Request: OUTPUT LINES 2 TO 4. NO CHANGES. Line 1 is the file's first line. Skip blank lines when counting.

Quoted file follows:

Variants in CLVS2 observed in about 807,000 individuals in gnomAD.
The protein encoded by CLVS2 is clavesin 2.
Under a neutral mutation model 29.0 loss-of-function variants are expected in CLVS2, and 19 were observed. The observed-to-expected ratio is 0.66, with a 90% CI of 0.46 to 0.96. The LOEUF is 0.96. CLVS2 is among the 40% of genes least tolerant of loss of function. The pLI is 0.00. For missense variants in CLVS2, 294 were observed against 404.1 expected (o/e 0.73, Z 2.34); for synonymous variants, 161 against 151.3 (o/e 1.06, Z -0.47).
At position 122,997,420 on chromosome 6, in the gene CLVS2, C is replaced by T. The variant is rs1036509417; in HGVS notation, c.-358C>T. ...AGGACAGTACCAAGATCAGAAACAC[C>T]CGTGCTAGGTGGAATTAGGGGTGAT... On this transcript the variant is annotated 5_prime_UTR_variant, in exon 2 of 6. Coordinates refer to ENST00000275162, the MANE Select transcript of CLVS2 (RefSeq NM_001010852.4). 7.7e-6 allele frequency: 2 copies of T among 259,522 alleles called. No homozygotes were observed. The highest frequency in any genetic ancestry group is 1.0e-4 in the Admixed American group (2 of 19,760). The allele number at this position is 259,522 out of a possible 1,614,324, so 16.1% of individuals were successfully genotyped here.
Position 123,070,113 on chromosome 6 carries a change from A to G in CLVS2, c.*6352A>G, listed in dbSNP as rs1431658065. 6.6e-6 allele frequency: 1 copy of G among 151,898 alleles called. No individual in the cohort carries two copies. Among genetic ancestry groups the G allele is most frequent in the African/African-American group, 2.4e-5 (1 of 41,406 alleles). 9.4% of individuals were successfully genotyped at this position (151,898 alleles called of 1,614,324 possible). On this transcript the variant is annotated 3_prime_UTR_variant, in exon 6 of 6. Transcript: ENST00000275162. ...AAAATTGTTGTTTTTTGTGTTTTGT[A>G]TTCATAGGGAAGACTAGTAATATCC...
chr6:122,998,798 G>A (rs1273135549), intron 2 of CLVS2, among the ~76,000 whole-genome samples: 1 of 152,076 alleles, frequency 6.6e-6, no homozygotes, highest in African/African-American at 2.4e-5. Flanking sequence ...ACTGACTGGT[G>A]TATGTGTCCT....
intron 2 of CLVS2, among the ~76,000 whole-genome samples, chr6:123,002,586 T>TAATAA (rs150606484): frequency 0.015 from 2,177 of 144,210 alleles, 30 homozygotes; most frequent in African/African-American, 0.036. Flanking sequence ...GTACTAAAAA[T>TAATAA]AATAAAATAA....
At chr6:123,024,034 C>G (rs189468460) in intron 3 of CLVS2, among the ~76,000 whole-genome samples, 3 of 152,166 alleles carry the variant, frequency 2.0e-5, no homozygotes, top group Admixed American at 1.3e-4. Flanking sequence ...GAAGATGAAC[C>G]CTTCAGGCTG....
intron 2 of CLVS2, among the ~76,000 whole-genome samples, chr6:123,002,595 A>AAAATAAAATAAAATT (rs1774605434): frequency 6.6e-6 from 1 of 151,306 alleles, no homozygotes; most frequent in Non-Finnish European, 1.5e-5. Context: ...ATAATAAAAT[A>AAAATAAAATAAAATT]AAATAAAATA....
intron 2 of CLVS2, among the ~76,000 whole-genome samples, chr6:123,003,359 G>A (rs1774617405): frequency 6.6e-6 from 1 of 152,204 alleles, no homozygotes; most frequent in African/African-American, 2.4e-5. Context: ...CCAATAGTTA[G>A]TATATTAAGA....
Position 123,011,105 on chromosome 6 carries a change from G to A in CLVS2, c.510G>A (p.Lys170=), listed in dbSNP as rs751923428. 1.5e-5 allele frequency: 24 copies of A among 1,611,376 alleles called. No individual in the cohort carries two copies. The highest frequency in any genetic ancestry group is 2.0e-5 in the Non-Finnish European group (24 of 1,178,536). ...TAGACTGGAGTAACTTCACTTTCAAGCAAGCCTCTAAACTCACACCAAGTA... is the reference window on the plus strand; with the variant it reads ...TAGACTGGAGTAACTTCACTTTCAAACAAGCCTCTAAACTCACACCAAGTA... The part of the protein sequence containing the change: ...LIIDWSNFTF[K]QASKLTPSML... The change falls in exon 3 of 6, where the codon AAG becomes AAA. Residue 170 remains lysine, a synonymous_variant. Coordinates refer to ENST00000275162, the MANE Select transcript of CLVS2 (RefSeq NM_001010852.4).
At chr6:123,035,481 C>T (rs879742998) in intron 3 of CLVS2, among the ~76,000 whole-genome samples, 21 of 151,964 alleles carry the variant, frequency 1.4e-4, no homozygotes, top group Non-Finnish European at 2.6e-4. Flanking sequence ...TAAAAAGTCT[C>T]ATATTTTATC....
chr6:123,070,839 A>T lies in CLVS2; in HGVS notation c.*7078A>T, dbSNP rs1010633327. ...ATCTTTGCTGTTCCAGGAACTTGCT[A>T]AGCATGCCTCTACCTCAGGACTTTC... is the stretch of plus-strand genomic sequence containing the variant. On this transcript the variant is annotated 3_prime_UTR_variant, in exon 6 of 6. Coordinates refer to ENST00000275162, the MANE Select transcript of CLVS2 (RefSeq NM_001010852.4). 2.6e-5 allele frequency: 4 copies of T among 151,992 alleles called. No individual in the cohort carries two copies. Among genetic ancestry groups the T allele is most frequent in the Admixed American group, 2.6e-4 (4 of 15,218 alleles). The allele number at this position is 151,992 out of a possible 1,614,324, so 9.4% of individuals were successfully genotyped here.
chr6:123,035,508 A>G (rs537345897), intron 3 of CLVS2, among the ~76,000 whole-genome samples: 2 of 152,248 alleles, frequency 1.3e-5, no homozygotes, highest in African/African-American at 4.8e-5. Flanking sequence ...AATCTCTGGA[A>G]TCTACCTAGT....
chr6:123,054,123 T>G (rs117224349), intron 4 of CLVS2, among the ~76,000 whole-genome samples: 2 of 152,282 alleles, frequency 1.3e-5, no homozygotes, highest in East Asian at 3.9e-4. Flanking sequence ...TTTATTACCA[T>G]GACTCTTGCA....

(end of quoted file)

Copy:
The protein encoded by CLVS2 is clavesin 2.
Under a neutral mutation model 29.0 loss-of-function variants are expected in CLVS2, and 19 were observed. The observed-to-expected ratio is 0.66, with a 90% CI of 0.46 to 0.96. The LOEUF is 0.96. CLVS2 is among the 40% of genes least tolerant of loss of function. The pLI is 0.00. For missense variants in CLVS2, 294 were observed against 404.1 expected (o/e 0.73, Z 2.34); for synonymous variants, 161 against 151.3 (o/e 1.06, Z -0.47).
At position 122,997,420 on chromosome 6, in the gene CLVS2, C is replaced by T. The variant is rs1036509417; in HGVS notation, c.-358C>T. ...AGGACAGTACCAAGATCAGAAACAC[C>T]CGTGCTAGGTGGAATTAGGGGTGAT... On this transcript the variant is annotated 5_prime_UTR_variant, in exon 2 of 6. Coordinates refer to ENST00000275162, the MANE Select transcript of CLVS2 (RefSeq NM_001010852.4). 7.7e-6 allele frequency: 2 copies of T among 259,522 alleles called. No homozygotes were observed. The highest frequency in any genetic ancestry group is 1.0e-4 in the Admixed American group (2 of 19,760). The allele number at this position is 259,522 out of a possible 1,614,324, so 16.1% of individuals were successfully genotyped here.